Looks like I can order my final set of boards. Again...

  • Block Diagram

    gilphilbert07/19/2021 at 20:08 0 comments

    This project can sound pretty complex. There are a few major parts (the button controller, display, etc.) as well as the main MCU. To try and help visual-thinkers see what's going on, I've put this together quickly to give an overview of the project's main components as well as how they communicate:

    The colored interconnecting lines show the type of communication as well as the direction(s).

    The lines on the sides of the boxes show the power source. The 3.3V regulator pulls it's power from the 5V regulator. The amplifier uses an unregulated rectified power supply from the transformer. 

  • Buttons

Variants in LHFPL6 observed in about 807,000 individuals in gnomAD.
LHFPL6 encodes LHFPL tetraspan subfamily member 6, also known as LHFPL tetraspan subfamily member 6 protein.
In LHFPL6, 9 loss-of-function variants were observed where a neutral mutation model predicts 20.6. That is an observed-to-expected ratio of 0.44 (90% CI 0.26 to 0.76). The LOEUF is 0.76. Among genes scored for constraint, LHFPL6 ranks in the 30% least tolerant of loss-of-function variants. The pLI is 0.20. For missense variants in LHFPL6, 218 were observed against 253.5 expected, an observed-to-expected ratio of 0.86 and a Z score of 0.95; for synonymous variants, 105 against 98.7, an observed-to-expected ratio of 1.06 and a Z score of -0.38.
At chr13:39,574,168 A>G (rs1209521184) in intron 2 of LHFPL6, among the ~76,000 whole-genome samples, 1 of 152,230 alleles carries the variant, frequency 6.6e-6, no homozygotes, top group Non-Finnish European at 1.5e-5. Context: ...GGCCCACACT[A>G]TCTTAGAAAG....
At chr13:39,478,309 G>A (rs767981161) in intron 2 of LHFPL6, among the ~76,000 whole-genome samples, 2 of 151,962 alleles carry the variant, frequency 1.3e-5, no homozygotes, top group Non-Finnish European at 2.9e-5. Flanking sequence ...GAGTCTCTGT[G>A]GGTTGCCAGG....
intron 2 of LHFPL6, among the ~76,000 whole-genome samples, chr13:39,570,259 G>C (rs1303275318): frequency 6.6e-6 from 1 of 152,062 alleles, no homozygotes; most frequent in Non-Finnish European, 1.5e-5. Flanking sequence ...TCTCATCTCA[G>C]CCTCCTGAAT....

gilphilbert07/18/2021 at 08:08 0 comments

    Remember when I wrote about the buttons on the top panel? After some investigation, I discovered the buttons use a scan matrix - nothing particularly complicated. The columns require the addition of pull-up or pull-down resistors on each row that's scanned to prevent floating pins from reading false positives.

    After spending some hours with a multimeter and pressing buttons repeatedly (it was a fascinating evening) I've mapped all of the buttons in the matrix. There are now two options: buy and off-the-shelf matrix scanner, such as the TCA8418 or do it in software. The keyboard scanner ICs are often both (relatively) expensive and produced for industrial applications, so they come in home-assembly-unfriendly WQFN packages. Sure, I can probably solder one - but where's the fun in that? (you'll find this is a common theme in my projects...)

    There are two options: I could connect the lines directly to the ESP32 - but there aren't enough GPIOs left for that, or I could use another MCU. This isn't a complex task, so the code will be fairly simple. The most complicated bit will likely be the communication. I2C makes the most sense as it only requires two pins, and since the NFC card reader will be using I2C on the front panel as well, the connections will already be present.